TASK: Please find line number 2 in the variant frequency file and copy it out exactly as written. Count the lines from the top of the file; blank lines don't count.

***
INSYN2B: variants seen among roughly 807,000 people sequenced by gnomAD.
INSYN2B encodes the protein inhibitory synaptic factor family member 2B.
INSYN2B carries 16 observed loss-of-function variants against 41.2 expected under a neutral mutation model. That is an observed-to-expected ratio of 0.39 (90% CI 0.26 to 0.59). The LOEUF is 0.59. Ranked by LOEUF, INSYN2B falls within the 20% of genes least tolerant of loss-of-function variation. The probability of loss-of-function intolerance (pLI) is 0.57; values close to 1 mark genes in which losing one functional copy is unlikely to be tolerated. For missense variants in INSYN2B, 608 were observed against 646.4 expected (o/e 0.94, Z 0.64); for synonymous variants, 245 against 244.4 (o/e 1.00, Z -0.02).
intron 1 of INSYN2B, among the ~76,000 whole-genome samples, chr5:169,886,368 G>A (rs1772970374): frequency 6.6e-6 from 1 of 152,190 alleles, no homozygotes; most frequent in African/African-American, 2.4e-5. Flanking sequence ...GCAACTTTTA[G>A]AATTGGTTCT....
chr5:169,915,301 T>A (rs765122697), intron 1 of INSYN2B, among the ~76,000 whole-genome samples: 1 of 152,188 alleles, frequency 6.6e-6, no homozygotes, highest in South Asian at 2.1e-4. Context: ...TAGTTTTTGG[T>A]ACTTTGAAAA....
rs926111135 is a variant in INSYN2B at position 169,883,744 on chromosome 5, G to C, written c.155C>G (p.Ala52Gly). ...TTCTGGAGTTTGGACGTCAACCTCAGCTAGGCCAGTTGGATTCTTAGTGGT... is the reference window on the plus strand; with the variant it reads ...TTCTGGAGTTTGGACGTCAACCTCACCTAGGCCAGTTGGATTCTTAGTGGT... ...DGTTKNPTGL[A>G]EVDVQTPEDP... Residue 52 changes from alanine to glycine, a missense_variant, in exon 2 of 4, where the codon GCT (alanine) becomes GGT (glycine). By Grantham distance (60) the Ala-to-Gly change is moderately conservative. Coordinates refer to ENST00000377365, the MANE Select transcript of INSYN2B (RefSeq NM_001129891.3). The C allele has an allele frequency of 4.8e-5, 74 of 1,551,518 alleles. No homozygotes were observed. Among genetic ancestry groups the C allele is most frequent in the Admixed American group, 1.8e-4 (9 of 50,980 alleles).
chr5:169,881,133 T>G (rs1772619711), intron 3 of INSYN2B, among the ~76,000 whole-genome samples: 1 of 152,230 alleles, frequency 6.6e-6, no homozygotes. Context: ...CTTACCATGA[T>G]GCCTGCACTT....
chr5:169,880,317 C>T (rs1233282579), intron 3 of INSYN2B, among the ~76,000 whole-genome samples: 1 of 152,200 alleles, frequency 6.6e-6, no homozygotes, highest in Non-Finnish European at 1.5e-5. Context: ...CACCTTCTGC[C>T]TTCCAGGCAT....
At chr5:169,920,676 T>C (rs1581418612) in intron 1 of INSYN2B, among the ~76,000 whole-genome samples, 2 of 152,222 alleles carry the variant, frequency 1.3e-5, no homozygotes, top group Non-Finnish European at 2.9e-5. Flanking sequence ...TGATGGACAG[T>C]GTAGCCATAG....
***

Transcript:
INSYN2B encodes the protein inhibitory synaptic factor family member 2B.